Esteban Miranda, 23, didn’t exactly have a “traditional” college experience. When his friends were out partying and hanging out with girls, Miranda was working essentially non-stop buying merchandise at yard sales and selling them at flea markets up and down the Valley on weekends, a skill that he learned from his parents growing up in Merced.
During his senior year at Fresno State, where he majored in business and minored in entrepreneurship, Miranda began building a stockpile of merchandise for his future business, Miranda’s Thrift Shop.
In 2013, about a week after graduating from Fresno State, Miranda opened his first location on a quiet section of Main Street in Merced. Within a few months he moved to a more desirable location in a Raley’s shopping center in the more affluent north Merced.
In June of this year Miranda opened his second shop, this time in Turlock at 1865 Countryside Dr., next to FoodMaxx.
Miranda says that what makes Miranda’s Thrift Shop different from others — his commitment to quality inventory, plus the fact that he purchases everything in his stores.
“I’m the first to say that yeah, our inventory isn’t the cheapest around, but we only buy gently-used items, we thoroughly clean everything we put out [for sale] and most importantly we pay people for everything in the store,” he said.
Unlike many non-profit thrift stores, which typically take donations, Miranda’s will purchase your unwanted, gently-used goods.
“Why donate your stuff when you can bring it here and get something out of it?” he asked.
Miranda says that donation-base thrift stores certainly help people in need, but he does so behind the scenes.
“My main goal is to help people and the people who I help know what I do,” Miranda said. “I don’t need to post it on Facebook and I don’t do it to get publicity.”
Another aspect of Miranda’s success is a commitment to using social media, such as Facebook, Instagram and Craigslist, to reach potential customers and people selling items.
“We get the word out and we want to purchase inventory and then sell it as soon as possible,” said Miranda. “If you want close to new stuff for half the price or one-third the price of stores, that is what we do.”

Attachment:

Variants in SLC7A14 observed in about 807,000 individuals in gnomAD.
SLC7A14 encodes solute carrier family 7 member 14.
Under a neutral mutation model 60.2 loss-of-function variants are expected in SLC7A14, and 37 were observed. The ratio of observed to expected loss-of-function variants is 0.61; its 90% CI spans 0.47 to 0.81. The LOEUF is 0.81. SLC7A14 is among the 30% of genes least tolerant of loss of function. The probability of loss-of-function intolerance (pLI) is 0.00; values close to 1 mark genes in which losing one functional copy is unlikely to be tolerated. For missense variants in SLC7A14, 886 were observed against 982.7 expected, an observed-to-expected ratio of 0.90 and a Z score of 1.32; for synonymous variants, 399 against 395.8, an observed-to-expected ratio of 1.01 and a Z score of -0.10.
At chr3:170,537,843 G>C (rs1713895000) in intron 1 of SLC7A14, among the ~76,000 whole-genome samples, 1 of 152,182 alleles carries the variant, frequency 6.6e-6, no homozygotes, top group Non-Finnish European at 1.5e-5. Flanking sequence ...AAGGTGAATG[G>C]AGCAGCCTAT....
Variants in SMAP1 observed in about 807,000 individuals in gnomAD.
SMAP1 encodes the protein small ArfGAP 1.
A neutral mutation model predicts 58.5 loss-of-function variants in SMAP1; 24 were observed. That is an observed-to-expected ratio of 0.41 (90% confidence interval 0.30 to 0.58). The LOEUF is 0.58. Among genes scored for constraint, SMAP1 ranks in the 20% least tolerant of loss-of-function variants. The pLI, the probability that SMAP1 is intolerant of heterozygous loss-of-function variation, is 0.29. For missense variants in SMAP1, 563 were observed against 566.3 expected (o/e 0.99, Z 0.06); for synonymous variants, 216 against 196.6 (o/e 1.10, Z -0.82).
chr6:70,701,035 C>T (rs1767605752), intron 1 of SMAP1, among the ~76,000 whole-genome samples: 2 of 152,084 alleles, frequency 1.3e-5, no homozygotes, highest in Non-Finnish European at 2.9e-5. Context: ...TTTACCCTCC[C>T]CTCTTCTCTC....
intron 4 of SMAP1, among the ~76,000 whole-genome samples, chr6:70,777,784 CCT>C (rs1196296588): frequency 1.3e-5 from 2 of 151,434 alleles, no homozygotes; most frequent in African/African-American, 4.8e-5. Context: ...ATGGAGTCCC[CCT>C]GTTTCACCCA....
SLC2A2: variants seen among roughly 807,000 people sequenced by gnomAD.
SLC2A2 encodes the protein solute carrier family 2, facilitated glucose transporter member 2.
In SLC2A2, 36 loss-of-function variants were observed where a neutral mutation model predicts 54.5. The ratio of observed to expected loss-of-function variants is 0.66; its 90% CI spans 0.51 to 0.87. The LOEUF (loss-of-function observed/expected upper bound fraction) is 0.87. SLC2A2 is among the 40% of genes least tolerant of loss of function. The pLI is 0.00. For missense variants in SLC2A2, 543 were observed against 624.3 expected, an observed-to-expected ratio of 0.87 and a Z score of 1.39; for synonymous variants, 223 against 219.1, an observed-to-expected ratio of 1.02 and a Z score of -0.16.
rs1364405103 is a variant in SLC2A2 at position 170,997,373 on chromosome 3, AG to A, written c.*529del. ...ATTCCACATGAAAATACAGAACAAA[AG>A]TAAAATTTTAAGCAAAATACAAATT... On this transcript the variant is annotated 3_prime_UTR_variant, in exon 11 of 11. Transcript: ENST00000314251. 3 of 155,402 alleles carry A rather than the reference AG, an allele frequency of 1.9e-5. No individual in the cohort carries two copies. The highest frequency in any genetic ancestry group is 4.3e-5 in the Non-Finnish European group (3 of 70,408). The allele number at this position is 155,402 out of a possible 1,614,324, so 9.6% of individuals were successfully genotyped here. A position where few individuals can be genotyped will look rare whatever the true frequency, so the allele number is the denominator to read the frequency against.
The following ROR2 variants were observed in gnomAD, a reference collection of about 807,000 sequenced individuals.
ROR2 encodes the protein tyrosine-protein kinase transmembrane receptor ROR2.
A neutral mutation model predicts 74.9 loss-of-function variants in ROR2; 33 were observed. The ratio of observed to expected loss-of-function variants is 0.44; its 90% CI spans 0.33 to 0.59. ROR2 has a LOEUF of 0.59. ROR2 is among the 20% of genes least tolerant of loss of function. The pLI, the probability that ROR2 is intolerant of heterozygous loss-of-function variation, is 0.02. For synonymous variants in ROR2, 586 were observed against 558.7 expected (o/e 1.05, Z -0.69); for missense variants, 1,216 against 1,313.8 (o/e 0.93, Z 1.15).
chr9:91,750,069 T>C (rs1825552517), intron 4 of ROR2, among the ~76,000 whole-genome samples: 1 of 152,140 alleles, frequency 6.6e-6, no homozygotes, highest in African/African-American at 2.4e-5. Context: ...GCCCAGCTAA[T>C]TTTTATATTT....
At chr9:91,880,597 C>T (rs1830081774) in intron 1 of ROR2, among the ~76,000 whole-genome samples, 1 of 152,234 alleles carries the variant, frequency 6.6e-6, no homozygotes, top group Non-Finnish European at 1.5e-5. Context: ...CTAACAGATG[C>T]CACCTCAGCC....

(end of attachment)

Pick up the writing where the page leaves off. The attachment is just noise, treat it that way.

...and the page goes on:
Miranda’s Thrift Shop carries just about everything under the sun including furniture, electronics, antiques, household decorative goods, clothes, toys from current and past generations, video game systems with games from multiple generations, kitchenware, baby toys, sports items, lawn care, posters, and even baseball cards.
About the only thing Miranda’s doesn’t buy and sell is appliances, which Miranda says he is looking to improve upon.
Another interesting aspect of Miranda’s is that they even offer a warranty on all of their items.
“We always test everything we sell, like video game systems, so we have a same day, cash back return policy and a next day, store credit return policy,” explained Miranda. “After that the sale is final.”
Miranda carries a Second-Hand Dealers License and is required by law to list any inventory he buys and who he buys it from.
Within the next year Miranda plans to open another store in Fresno.
“I would be out there at flea markets when it was 100 degrees and some days I would only make $5,” Miranda said about his early struggles. “I didn’t party, I went to yard sales, flea markets and then came home and did my homework. It was tough, I felt like giving up. People would tell me you can’t do, why don’t you get a regular job?”
However, he realized he never wanted to work for anyone else and thanks to his inner drive to succeed, he pushed himself forward and now he is on the verge of breaking the traditional thrift store model.